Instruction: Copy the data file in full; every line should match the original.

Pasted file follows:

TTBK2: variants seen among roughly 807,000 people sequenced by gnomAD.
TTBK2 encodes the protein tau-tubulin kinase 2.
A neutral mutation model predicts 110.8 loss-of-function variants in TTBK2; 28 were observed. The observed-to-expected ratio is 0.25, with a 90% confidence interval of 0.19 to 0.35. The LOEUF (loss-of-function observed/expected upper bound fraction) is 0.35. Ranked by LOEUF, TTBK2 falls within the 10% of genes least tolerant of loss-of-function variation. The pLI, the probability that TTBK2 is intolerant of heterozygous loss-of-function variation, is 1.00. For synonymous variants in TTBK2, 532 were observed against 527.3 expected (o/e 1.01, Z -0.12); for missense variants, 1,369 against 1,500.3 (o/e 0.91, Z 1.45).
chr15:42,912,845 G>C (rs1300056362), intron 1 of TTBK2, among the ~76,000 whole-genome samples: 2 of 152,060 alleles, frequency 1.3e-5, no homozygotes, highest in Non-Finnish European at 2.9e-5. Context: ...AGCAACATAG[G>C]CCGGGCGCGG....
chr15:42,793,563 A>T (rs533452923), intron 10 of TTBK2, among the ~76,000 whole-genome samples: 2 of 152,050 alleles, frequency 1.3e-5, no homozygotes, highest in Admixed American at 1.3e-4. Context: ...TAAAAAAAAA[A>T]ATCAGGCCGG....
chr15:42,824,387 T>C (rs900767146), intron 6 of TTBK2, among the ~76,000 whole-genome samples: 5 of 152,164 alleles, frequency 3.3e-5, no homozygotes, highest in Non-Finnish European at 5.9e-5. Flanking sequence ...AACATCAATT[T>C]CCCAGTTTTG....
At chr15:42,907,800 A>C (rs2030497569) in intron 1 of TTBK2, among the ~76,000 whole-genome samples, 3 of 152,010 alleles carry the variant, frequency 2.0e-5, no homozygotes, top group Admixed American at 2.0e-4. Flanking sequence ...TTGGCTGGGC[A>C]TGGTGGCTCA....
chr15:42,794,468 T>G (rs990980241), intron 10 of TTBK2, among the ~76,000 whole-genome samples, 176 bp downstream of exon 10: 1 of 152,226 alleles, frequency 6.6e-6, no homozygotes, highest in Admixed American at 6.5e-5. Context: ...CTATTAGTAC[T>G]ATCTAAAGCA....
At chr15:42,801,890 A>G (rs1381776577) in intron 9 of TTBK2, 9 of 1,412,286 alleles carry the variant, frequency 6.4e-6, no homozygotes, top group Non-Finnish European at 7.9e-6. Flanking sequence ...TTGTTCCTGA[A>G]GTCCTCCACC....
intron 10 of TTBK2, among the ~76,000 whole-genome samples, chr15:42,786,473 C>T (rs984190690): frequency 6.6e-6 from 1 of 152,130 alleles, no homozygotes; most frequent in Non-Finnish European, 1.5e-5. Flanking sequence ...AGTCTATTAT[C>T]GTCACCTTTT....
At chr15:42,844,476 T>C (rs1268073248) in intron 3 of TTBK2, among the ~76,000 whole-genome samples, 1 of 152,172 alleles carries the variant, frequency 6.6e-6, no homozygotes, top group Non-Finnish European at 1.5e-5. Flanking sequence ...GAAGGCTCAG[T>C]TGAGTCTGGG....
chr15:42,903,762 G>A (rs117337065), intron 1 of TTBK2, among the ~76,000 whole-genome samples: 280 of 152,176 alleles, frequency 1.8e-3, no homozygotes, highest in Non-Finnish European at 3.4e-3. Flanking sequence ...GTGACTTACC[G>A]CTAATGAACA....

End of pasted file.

TTBK2: variants seen among roughly 807,000 people sequenced by gnomAD.
TTBK2 encodes the protein tau-tubulin kinase 2.
A neutral mutation model predicts 110.8 loss-of-function variants in TTBK2; 28 were observed. The observed-to-expected ratio is 0.25, with a 90% confidence interval of 0.19 to 0.35. The LOEUF (loss-of-function observed/expected upper bound fraction) is 0.35. Ranked by LOEUF, TTBK2 falls within the 10% of genes least tolerant of loss-of-function variation. The pLI, the probability that TTBK2 is intolerant of heterozygous loss-of-function variation, is 1.00. For synonymous variants in TTBK2, 532 were observed against 527.3 expected (o/e 1.01, Z -0.12); for missense variants, 1,369 against 1,500.3 (o/e 0.91, Z 1.45).
chr15:42,912,845 G>C (rs1300056362), intron 1 of TTBK2, among the ~76,000 whole-genome samples: 2 of 152,060 alleles, frequency 1.3e-5, no homozygotes, highest in Non-Finnish European at 2.9e-5. Context: ...AGCAACATAG[G>C]CCGGGCGCGG....
chr15:42,793,563 A>T (rs533452923), intron 10 of TTBK2, among the ~76,000 whole-genome samples: 2 of 152,050 alleles, frequency 1.3e-5, no homozygotes, highest in Admixed American at 1.3e-4. Context: ...TAAAAAAAAA[A>T]ATCAGGCCGG....
chr15:42,824,387 T>C (rs900767146), intron 6 of TTBK2, among the ~76,000 whole-genome samples: 5 of 152,164 alleles, frequency 3.3e-5, no homozygotes, highest in Non-Finnish European at 5.9e-5. Flanking sequence ...AACATCAATT[T>C]CCCAGTTTTG....
At chr15:42,907,800 A>C (rs2030497569) in intron 1 of TTBK2, among the ~76,000 whole-genome samples, 3 of 152,010 alleles carry the variant, frequency 2.0e-5, no homozygotes, top group Admixed American at 2.0e-4. Flanking sequence ...TTGGCTGGGC[A>C]TGGTGGCTCA....
chr15:42,794,468 T>G (rs990980241), intron 10 of TTBK2, among the ~76,000 whole-genome samples, 176 bp downstream of exon 10: 1 of 152,226 alleles, frequency 6.6e-6, no homozygotes, highest in Admixed American at 6.5e-5. Context: ...CTATTAGTAC[T>G]ATCTAAAGCA....
At chr15:42,801,890 A>G (rs1381776577) in intron 9 of TTBK2, 9 of 1,412,286 alleles carry the variant, frequency 6.4e-6, no homozygotes, top group Non-Finnish European at 7.9e-6. Flanking sequence ...TTGTTCCTGA[A>G]GTCCTCCACC....
intron 10 of TTBK2, among the ~76,000 whole-genome samples, chr15:42,786,473 C>T (rs984190690): frequency 6.6e-6 from 1 of 152,130 alleles, no homozygotes; most frequent in Non-Finnish European, 1.5e-5. Flanking sequence ...AGTCTATTAT[C>T]GTCACCTTTT....
At chr15:42,844,476 T>C (rs1268073248) in intron 3 of TTBK2, among the ~76,000 whole-genome samples, 1 of 152,172 alleles carries the variant, frequency 6.6e-6, no homozygotes, top group Non-Finnish European at 1.5e-5. Flanking sequence ...GAAGGCTCAG[T>C]TGAGTCTGGG....
chr15:42,903,762 G>A (rs117337065), intron 1 of TTBK2, among the ~76,000 whole-genome samples: 280 of 152,176 alleles, frequency 1.8e-3, no homozygotes, highest in Non-Finnish European at 3.4e-3. Flanking sequence ...GTGACTTACC[G>A]CTAATGAACA....